skip to content

Staff Counselling Centre


Helpful hints and tips for a better night’s sleep


Experiencing problems getting a good night’s sleep seem to be on the rise, and as anyone who has suffered from insomnia knows, the impact of sleep deprivation can be devastatingly debilitating.  Our thought processes become impaired, our mood and self-esteem declines, we see ourselves looking tired and we may compound the situation by berating ourselves for failing to do what babies do effortlessly.

While the causes are many and varied, and counselling can help identify and resolve them, prolonged sleeplessness inevitably becomes THE problem.  You may find yourself dreading going to bed in anticipation of a night of lying in bed tensely waiting for sleep to somehow happen.  Sounds that were normally no problem become amplified and even the merest chink of light is disturbing.

An irony of being sleep deprived is that we often self-sabotage and in so doing, prevent sleep from coming to us. We may go to bed too late (sometimes trying to claim an evening after a long day) and then panic at the few hours remaining before the alarm; we may go to bed too early, before our bodies are truly ready.  We may drink too much alcohol or caffeine, making sleep difficult and impairing its quality; we may eat too late, watch too much stimulating TV, read bad news, check emails too late, play computer games, surf the net.

If medical conditions have been eliminated as the reason for poor sleep, it is a good idea to work to break the bad cycle of insomnia irrespective of the cause.  You may already have recognised some bad habits that have contributed to the cycle, so do look at these and try to eliminate them or seek help if appropriate.  You will need to find what works for you, but here are some ideas.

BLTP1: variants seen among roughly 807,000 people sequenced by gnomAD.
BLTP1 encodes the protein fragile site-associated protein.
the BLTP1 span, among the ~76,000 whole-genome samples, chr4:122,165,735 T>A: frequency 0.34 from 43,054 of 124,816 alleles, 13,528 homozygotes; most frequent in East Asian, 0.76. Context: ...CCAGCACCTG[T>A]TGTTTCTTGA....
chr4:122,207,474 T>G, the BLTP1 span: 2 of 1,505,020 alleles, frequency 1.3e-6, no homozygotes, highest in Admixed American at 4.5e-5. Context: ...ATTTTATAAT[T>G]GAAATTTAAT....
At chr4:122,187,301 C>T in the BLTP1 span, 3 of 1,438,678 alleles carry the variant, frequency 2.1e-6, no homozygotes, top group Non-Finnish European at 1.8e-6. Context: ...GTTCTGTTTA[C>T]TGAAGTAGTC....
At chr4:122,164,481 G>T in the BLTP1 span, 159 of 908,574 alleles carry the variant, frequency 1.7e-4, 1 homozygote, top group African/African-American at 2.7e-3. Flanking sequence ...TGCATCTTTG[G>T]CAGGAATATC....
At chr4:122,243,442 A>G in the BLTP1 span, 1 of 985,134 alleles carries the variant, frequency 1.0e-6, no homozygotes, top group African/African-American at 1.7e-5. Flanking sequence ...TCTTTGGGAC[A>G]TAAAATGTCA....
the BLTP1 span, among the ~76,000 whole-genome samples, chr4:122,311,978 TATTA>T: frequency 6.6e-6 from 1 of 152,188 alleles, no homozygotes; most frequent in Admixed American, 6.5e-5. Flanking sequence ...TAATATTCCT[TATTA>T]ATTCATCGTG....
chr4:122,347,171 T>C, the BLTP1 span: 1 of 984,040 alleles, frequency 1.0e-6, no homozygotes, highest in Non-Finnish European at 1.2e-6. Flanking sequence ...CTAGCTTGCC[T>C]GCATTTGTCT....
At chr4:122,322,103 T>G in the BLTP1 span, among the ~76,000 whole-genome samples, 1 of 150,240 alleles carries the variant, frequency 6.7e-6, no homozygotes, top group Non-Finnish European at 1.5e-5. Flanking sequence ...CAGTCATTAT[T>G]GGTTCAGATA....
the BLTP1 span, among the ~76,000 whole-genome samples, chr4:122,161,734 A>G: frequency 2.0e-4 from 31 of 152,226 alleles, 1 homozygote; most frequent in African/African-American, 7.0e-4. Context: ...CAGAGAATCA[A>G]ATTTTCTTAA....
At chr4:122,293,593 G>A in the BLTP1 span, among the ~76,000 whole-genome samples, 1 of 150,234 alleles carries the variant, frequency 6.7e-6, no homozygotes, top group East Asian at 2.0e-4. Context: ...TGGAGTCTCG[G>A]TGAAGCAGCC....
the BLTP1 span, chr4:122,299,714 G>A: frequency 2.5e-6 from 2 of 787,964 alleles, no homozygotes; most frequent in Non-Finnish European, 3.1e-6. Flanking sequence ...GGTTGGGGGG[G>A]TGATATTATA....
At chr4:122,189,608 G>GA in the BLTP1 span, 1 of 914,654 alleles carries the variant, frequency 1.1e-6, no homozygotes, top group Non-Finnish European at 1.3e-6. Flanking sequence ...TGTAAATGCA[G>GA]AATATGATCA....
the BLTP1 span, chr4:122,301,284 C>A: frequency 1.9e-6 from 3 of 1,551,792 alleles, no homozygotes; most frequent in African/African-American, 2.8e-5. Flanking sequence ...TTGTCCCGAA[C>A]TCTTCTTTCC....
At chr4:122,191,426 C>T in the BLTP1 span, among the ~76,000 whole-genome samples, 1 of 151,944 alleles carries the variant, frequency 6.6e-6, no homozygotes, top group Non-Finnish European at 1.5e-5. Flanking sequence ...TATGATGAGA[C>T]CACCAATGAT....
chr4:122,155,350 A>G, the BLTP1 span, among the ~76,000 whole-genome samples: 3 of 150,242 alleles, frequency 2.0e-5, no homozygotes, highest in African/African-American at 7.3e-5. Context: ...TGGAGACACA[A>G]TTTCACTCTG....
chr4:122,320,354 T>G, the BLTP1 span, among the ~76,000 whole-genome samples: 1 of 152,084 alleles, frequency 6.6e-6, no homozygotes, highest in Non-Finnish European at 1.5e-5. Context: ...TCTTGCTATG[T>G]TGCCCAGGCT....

• Try to get up at the same time every day, even at weekends.  Your sleep rhythm has been compromised, and catching up at the weekend will not help.  Don’t fear feeling tired as you are already coping on too little sleep. Acknowledge that you can cope on less sleep than you thought


  • If reading in bed helps, choose light, undemanding books and read until your eyelids are aching to close. If you remain awake, get up and undertake boring chores (e.g. floor washing), until your eyes feel heavy again


  • Try eating lighter, healthier and earlier in the evening


  • Have technology breaks, ban mobiles and laptops from the bedroom, buy an alarm clock


  • Don’t answer the phone or emails after, say, 9.00pm.  People who expect an instant response will get used to – and survive – the new regime 


  • Step up physical exercise despite your tiredness - preferably something you enjoy


  • Finally, you need to be relaxed for sleep.  Develop a wind-down routine (bath with candles, warm caffeine-free drink). Consider mindfulness (or meditation, yoga, pilates) in order to access your “off switch”. Mindfulness-based Stress reduction courses are available in Cambridge, but also online, and there are many excellent APPS such as Headspace.  If Mindfulness is unfamiliar, give it some time, it really can be transformational and it does not need to be time-consuming